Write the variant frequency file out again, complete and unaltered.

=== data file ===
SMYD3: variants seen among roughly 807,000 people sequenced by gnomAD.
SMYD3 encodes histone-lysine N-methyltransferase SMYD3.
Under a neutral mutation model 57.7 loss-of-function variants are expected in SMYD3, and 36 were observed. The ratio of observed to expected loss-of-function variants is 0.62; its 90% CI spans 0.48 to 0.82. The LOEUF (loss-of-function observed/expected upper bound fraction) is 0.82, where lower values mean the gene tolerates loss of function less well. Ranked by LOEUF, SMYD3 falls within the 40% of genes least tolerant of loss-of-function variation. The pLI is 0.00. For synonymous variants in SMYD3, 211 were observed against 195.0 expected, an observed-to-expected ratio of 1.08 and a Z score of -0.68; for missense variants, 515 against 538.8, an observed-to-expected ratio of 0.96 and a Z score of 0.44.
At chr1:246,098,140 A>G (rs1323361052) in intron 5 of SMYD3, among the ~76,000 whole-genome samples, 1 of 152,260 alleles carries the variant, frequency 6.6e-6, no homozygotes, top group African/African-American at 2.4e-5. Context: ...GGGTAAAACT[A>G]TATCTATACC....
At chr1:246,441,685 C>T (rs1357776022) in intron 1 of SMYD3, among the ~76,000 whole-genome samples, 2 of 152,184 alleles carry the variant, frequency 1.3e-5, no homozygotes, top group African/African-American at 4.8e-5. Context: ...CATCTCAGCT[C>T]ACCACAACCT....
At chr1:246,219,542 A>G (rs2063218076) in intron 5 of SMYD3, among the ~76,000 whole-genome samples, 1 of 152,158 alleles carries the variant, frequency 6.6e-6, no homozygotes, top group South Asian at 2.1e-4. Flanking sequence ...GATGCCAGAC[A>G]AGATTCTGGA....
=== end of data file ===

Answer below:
SMYD3: variants seen among roughly 807,000 people sequenced by gnomAD.
SMYD3 encodes histone-lysine N-methyltransferase SMYD3.
Under a neutral mutation model 57.7 loss-of-function variants are expected in SMYD3, and 36 were observed. The ratio of observed to expected loss-of-function variants is 0.62; its 90% CI spans 0.48 to 0.82. The LOEUF (loss-of-function observed/expected upper bound fraction) is 0.82, where lower values mean the gene tolerates loss of function less well. Ranked by LOEUF, SMYD3 falls within the 40% of genes least tolerant of loss-of-function variation. The pLI is 0.00. For synonymous variants in SMYD3, 211 were observed against 195.0 expected, an observed-to-expected ratio of 1.08 and a Z score of -0.68; for missense variants, 515 against 538.8, an observed-to-expected ratio of 0.96 and a Z score of 0.44.
At chr1:246,098,140 A>G (rs1323361052) in intron 5 of SMYD3, among the ~76,000 whole-genome samples, 1 of 152,260 alleles carries the variant, frequency 6.6e-6, no homozygotes, top group African/African-American at 2.4e-5. Context: ...GGGTAAAACT[A>G]TATCTATACC....
At chr1:246,441,685 C>T (rs1357776022) in intron 1 of SMYD3, among the ~76,000 whole-genome samples, 2 of 152,184 alleles carry the variant, frequency 1.3e-5, no homozygotes, top group African/African-American at 4.8e-5. Context: ...CATCTCAGCT[C>T]ACCACAACCT....
At chr1:246,219,542 A>G (rs2063218076) in intron 5 of SMYD3, among the ~76,000 whole-genome samples, 1 of 152,158 alleles carries the variant, frequency 6.6e-6, no homozygotes, top group South Asian at 2.1e-4. Flanking sequence ...GATGCCAGAC[A>G]AGATTCTGGA....